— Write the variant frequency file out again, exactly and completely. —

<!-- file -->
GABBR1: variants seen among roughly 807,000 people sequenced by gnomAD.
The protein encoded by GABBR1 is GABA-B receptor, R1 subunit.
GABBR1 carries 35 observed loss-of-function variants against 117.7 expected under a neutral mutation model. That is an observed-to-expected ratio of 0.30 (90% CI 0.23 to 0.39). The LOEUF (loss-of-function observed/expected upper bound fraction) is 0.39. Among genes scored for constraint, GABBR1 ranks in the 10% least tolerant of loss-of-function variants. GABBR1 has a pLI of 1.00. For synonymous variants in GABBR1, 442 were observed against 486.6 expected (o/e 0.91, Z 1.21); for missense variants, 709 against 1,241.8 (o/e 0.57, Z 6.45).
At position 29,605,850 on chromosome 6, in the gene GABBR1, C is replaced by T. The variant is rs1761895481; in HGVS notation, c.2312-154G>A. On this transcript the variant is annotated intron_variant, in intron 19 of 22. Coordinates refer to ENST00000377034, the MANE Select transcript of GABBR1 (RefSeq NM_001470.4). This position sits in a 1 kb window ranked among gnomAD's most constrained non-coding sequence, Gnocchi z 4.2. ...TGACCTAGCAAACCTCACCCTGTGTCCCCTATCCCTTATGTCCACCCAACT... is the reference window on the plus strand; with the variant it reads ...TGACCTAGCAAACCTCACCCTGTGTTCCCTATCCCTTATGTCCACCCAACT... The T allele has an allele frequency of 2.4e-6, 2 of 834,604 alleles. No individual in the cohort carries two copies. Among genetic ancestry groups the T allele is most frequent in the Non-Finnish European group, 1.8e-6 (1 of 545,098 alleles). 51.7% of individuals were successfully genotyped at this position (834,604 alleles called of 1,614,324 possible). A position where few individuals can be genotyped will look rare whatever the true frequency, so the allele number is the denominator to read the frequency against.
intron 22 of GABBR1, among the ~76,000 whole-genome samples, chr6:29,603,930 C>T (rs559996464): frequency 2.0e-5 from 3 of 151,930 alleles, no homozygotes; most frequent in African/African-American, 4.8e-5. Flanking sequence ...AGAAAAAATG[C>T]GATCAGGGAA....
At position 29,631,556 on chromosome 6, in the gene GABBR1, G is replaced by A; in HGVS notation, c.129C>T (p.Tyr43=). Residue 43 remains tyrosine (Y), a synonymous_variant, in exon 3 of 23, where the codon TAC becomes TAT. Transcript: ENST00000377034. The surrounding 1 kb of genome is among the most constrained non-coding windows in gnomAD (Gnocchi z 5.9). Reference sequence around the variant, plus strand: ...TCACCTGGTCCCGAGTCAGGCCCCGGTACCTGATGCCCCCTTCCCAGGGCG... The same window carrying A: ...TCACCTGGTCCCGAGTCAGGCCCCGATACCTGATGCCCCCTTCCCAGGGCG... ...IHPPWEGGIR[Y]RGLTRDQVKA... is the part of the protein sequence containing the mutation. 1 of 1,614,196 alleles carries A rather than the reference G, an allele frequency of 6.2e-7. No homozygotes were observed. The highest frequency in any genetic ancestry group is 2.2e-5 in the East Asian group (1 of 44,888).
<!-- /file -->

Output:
GABBR1: variants seen among roughly 807,000 people sequenced by gnomAD.
The protein encoded by GABBR1 is GABA-B receptor, R1 subunit.
GABBR1 carries 35 observed loss-of-function variants against 117.7 expected under a neutral mutation model. That is an observed-to-expected ratio of 0.30 (90% CI 0.23 to 0.39). The LOEUF (loss-of-function observed/expected upper bound fraction) is 0.39. Among genes scored for constraint, GABBR1 ranks in the 10% least tolerant of loss-of-function variants. GABBR1 has a pLI of 1.00. For synonymous variants in GABBR1, 442 were observed against 486.6 expected (o/e 0.91, Z 1.21); for missense variants, 709 against 1,241.8 (o/e 0.57, Z 6.45).
At position 29,605,850 on chromosome 6, in the gene GABBR1, C is replaced by T. The variant is rs1761895481; in HGVS notation, c.2312-154G>A. On this transcript the variant is annotated intron_variant, in intron 19 of 22. Coordinates refer to ENST00000377034, the MANE Select transcript of GABBR1 (RefSeq NM_001470.4). This position sits in a 1 kb window ranked among gnomAD's most constrained non-coding sequence, Gnocchi z 4.2. ...TGACCTAGCAAACCTCACCCTGTGTCCCCTATCCCTTATGTCCACCCAACT... is the reference window on the plus strand; with the variant it reads ...TGACCTAGCAAACCTCACCCTGTGTTCCCTATCCCTTATGTCCACCCAACT... The T allele has an allele frequency of 2.4e-6, 2 of 834,604 alleles. No individual in the cohort carries two copies. Among genetic ancestry groups the T allele is most frequent in the Non-Finnish European group, 1.8e-6 (1 of 545,098 alleles). 51.7% of individuals were successfully genotyped at this position (834,604 alleles called of 1,614,324 possible). A position where few individuals can be genotyped will look rare whatever the true frequency, so the allele number is the denominator to read the frequency against.
intron 22 of GABBR1, among the ~76,000 whole-genome samples, chr6:29,603,930 C>T (rs559996464): frequency 2.0e-5 from 3 of 151,930 alleles, no homozygotes; most frequent in African/African-American, 4.8e-5. Flanking sequence ...AGAAAAAATG[C>T]GATCAGGGAA....
At position 29,631,556 on chromosome 6, in the gene GABBR1, G is replaced by A; in HGVS notation, c.129C>T (p.Tyr43=). Residue 43 remains tyrosine (Y), a synonymous_variant, in exon 3 of 23, where the codon TAC becomes TAT. Transcript: ENST00000377034. The surrounding 1 kb of genome is among the most constrained non-coding windows in gnomAD (Gnocchi z 5.9). Reference sequence around the variant, plus strand: ...TCACCTGGTCCCGAGTCAGGCCCCGGTACCTGATGCCCCCTTCCCAGGGCG... The same window carrying A: ...TCACCTGGTCCCGAGTCAGGCCCCGATACCTGATGCCCCCTTCCCAGGGCG... ...IHPPWEGGIR[Y]RGLTRDQVKA... is the part of the protein sequence containing the mutation. 1 of 1,614,196 alleles carries A rather than the reference G, an allele frequency of 6.2e-7. No homozygotes were observed. The highest frequency in any genetic ancestry group is 2.2e-5 in the East Asian group (1 of 44,888).